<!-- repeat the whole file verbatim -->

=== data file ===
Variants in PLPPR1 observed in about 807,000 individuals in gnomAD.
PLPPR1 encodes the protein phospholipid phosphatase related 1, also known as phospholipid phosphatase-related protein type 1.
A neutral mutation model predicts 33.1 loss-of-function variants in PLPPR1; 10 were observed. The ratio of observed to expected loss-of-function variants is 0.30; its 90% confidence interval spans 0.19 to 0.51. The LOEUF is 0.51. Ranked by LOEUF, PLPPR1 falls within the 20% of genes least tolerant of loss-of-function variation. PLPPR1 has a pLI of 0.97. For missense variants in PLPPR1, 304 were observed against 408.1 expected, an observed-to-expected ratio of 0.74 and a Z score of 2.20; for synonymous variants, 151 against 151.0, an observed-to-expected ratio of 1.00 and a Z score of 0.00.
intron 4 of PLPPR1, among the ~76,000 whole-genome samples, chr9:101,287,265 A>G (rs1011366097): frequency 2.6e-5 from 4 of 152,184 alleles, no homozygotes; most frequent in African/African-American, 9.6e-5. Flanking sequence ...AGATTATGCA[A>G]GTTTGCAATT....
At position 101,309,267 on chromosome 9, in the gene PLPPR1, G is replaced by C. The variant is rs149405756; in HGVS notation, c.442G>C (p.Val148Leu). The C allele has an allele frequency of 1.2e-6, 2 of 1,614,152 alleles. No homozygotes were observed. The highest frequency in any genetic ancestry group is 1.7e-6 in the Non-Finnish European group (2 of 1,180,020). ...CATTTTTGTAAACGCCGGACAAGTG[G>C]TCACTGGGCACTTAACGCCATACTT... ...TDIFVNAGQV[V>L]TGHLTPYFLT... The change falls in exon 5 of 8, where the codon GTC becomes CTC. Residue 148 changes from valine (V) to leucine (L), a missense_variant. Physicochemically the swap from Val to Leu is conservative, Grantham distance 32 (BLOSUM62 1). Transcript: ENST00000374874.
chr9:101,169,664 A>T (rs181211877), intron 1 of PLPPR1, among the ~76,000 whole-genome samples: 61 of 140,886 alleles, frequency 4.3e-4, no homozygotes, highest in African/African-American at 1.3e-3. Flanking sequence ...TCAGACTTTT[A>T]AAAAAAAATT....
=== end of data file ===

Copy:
Variants in PLPPR1 observed in about 807,000 individuals in gnomAD.
PLPPR1 encodes the protein phospholipid phosphatase related 1, also known as phospholipid phosphatase-related protein type 1.
A neutral mutation model predicts 33.1 loss-of-function variants in PLPPR1; 10 were observed. The ratio of observed to expected loss-of-function variants is 0.30; its 90% confidence interval spans 0.19 to 0.51. The LOEUF is 0.51. Ranked by LOEUF, PLPPR1 falls within the 20% of genes least tolerant of loss-of-function variation. PLPPR1 has a pLI of 0.97. For missense variants in PLPPR1, 304 were observed against 408.1 expected, an observed-to-expected ratio of 0.74 and a Z score of 2.20; for synonymous variants, 151 against 151.0, an observed-to-expected ratio of 1.00 and a Z score of 0.00.
intron 4 of PLPPR1, among the ~76,000 whole-genome samples, chr9:101,287,265 A>G (rs1011366097): frequency 2.6e-5 from 4 of 152,184 alleles, no homozygotes; most frequent in African/African-American, 9.6e-5. Flanking sequence ...AGATTATGCA[A>G]GTTTGCAATT....
At position 101,309,267 on chromosome 9, in the gene PLPPR1, G is replaced by C. The variant is rs149405756; in HGVS notation, c.442G>C (p.Val148Leu). The C allele has an allele frequency of 1.2e-6, 2 of 1,614,152 alleles. No homozygotes were observed. The highest frequency in any genetic ancestry group is 1.7e-6 in the Non-Finnish European group (2 of 1,180,020). ...CATTTTTGTAAACGCCGGACAAGTG[G>C]TCACTGGGCACTTAACGCCATACTT... ...TDIFVNAGQV[V>L]TGHLTPYFLT... The change falls in exon 5 of 8, where the codon GTC becomes CTC. Residue 148 changes from valine (V) to leucine (L), a missense_variant. Physicochemically the swap from Val to Leu is conservative, Grantham distance 32 (BLOSUM62 1). Transcript: ENST00000374874.
chr9:101,169,664 A>T (rs181211877), intron 1 of PLPPR1, among the ~76,000 whole-genome samples: 61 of 140,886 alleles, frequency 4.3e-4, no homozygotes, highest in African/African-American at 1.3e-3. Flanking sequence ...TCAGACTTTT[A>T]AAAAAAAATT....